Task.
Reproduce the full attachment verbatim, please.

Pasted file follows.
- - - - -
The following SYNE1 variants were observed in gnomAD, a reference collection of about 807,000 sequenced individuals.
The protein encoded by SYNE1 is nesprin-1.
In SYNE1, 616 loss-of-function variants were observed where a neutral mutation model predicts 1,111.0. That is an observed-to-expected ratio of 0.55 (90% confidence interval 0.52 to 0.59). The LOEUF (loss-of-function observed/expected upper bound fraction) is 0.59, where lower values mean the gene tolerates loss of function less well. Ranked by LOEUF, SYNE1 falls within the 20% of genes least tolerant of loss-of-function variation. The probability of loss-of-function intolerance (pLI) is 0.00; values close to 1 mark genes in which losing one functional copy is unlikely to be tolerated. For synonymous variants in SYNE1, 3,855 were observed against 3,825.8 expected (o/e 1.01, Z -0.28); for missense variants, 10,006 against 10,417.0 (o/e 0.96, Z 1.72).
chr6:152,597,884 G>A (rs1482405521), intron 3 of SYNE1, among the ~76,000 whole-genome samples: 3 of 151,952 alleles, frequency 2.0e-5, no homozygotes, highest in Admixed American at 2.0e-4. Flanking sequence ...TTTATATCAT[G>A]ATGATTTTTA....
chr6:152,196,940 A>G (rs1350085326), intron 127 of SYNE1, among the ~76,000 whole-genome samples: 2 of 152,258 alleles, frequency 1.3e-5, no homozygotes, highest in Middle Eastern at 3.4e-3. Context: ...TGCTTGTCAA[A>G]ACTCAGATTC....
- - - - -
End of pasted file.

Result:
The following SYNE1 variants were observed in gnomAD, a reference collection of about 807,000 sequenced individuals.
The protein encoded by SYNE1 is nesprin-1.
In SYNE1, 616 loss-of-function variants were observed where a neutral mutation model predicts 1,111.0. That is an observed-to-expected ratio of 0.55 (90% confidence interval 0.52 to 0.59). The LOEUF (loss-of-function observed/expected upper bound fraction) is 0.59, where lower values mean the gene tolerates loss of function less well. Ranked by LOEUF, SYNE1 falls within the 20% of genes least tolerant of loss-of-function variation. The probability of loss-of-function intolerance (pLI) is 0.00; values close to 1 mark genes in which losing one functional copy is unlikely to be tolerated. For synonymous variants in SYNE1, 3,855 were observed against 3,825.8 expected (o/e 1.01, Z -0.28); for missense variants, 10,006 against 10,417.0 (o/e 0.96, Z 1.72).
chr6:152,597,884 G>A (rs1482405521), intron 3 of SYNE1, among the ~76,000 whole-genome samples: 3 of 151,952 alleles, frequency 2.0e-5, no homozygotes, highest in Admixed American at 2.0e-4. Flanking sequence ...TTTATATCAT[G>A]ATGATTTTTA....
chr6:152,196,940 A>G (rs1350085326), intron 127 of SYNE1, among the ~76,000 whole-genome samples: 2 of 152,258 alleles, frequency 1.3e-5, no homozygotes, highest in Middle Eastern at 3.4e-3. Context: ...TGCTTGTCAA[A>G]ACTCAGATTC....